Anyway, this is not about my ego. I know it sounds like it at times. And maybe some of it is my ego? But it's certainly not my intention to make this thread about me. My intention is to help our profession. We are the lowest paid of all health care practitioners and providers. Many therapists are struggling financially despite the fact that they are nationally certified and taking continiuing education classes. Our profession is no where's close to its maximum potential when it comes to helping others out of pain.
The pain industry is a Six hundred Billion dollar industry. What percentage of that money goes to massage therapists? The percentage is so small, there is not enough room on this thread to write down all the zeros. Then when you consider the fact that 85% of all pain comes directly from trigger points, and that trigger points are involved in 90% of all pain syndromes, and that trigger points are in muscles, which fall directly into the parameters of our license. That's a huge huge void that our profession,or any profession for that matter, is not filling. That's a lot of money. But more importantly, that's a lot of suffering. Needless suffering. That's why I write in here. I try to back up what I'm saying with comments and quotations from highly educated leaders in the pain field, like Melzack and Wall( the worlds leading reachers of pain). They are well aware of trigger points.
Never the less, there is this unbelievable resistance, passively, or aggressively in your case, about the existence or importance of trigger points? They are very real, and very important.
In the two articles that you posted that people can't find trigger points? I don't know who they picked in their studies to find trigger points? All I can say is those people don't know what they are doing. Trigger points are very easy to find. I could teach an 8 year old to find trigger points easy.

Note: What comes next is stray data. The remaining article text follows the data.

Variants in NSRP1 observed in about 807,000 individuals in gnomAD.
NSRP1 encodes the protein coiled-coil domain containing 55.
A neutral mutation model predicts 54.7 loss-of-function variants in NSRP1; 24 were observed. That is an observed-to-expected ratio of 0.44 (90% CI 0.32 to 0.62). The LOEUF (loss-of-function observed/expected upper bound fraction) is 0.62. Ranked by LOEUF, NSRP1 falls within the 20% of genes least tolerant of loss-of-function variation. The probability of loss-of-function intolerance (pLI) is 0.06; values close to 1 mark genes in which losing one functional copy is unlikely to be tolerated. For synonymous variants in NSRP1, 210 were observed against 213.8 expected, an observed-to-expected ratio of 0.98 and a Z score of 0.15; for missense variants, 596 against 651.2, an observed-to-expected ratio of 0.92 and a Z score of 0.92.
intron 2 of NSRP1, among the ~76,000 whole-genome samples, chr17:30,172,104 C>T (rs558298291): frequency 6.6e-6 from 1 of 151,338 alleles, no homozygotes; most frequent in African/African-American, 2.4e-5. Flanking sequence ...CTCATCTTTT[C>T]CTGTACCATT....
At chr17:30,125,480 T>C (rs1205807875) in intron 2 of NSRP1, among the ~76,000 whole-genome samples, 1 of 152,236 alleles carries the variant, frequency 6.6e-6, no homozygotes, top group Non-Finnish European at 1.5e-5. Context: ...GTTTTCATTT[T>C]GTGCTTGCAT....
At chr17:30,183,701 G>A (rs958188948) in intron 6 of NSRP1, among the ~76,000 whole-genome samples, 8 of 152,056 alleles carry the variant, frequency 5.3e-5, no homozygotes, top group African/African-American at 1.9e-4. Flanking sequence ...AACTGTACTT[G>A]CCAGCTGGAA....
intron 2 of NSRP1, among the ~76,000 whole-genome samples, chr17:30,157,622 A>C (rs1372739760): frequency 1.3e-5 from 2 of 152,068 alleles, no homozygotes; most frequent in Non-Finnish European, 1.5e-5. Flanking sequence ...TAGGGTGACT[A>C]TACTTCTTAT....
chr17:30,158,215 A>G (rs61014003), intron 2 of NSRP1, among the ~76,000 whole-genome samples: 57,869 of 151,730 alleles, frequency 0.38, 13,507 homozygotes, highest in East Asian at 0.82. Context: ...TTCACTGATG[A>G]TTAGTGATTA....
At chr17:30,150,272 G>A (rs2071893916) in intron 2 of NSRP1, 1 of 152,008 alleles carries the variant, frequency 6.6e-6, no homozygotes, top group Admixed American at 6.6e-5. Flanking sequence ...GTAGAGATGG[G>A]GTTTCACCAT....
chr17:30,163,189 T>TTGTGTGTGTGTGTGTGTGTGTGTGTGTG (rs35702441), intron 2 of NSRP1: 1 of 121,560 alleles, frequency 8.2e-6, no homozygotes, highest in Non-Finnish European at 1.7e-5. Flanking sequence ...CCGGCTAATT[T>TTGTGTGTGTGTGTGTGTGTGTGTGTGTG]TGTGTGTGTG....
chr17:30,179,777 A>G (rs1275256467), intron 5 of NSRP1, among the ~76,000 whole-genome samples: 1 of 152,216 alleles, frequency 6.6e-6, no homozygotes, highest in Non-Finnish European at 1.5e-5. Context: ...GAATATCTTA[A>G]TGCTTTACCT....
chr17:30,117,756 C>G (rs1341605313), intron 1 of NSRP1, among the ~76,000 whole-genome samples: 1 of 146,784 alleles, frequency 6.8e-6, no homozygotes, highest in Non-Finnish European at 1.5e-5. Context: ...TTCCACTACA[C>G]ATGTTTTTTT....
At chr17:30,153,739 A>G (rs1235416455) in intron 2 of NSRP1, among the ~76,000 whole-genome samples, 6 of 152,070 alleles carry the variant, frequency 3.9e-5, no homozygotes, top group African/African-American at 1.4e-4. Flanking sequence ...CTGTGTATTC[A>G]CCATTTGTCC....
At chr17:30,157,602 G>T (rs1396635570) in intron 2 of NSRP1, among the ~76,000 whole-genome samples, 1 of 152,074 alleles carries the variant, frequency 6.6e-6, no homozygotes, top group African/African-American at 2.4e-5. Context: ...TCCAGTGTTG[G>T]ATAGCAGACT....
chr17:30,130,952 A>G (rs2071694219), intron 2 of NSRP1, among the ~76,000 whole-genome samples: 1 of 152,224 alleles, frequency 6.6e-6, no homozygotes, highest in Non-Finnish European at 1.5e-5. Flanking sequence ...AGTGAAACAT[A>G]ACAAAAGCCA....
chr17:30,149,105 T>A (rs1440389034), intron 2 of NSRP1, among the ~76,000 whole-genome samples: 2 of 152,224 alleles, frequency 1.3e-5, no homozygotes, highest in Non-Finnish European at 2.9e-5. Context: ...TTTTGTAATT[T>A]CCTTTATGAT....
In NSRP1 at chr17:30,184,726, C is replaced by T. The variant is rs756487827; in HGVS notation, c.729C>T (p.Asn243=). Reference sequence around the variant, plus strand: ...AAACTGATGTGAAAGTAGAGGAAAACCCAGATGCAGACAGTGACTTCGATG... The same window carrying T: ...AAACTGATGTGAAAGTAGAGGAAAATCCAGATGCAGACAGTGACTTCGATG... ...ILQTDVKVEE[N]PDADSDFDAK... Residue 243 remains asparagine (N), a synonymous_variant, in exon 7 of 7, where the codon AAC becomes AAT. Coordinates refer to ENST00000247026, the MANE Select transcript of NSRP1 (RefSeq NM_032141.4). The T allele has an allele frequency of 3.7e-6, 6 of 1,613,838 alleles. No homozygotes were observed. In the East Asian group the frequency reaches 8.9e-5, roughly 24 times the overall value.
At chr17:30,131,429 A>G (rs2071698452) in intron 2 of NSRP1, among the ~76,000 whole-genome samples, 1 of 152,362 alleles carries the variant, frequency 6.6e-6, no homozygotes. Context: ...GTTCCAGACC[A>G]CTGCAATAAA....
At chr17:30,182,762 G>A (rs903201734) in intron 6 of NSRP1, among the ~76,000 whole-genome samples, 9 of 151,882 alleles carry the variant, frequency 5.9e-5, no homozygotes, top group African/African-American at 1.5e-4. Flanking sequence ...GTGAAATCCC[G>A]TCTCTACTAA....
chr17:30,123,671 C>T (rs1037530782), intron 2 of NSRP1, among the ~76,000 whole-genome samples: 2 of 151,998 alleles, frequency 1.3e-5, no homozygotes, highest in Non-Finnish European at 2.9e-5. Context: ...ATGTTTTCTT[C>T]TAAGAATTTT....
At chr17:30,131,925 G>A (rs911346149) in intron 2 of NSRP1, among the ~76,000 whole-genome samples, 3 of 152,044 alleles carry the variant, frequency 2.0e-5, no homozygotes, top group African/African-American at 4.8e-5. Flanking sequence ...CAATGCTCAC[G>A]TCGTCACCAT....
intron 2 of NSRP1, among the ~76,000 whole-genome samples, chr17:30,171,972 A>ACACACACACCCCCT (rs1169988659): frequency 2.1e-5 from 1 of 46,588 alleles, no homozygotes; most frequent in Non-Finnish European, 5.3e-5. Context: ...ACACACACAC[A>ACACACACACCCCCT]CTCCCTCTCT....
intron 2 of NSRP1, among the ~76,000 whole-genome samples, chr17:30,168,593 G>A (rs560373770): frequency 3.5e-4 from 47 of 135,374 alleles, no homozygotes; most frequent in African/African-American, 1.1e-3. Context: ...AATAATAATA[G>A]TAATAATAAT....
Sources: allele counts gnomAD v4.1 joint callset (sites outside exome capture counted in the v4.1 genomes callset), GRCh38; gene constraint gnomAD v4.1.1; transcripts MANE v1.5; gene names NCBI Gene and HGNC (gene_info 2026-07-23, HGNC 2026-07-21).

And when I said that those people that wrote those articles that you posted, don't know anything about trigger points, I ment it. Anybody that's in pain, and they have trigger points, pain points, tender points, or whatever you want to call them. You make the trigger points go away. 95% of the time you make their pain go away.
In the videos below. There's three of them. You will see me find and eliminate trigger points on a young lady that was suffering greatly from dysmenorrhea ( painfu peiods ). She was hurting so bad that she called a friend to take her to the emergency room. I intervened and told her that I could probably help her and save her medical costs. I just need 15 minutes. She agreed. I never touched or worked on her before. This was filmed live on the spot. Listen to her, hear and see her response. Look how easy it is to find trigger points. Hear her pain when I touch particularly painful ones. I assure you they are real pain points.. Distict from the surrounding tissue. And after I eliminate those trigger points, look at the clinical results. Before I load the videos here is a quotation I like.
"Every truth passes through three stages before it is recognized. In the first, it is ridiculed, in the second it is opposed, in the third it is regarded as self-evident."-- Arthur Schopenhauer 1788--1860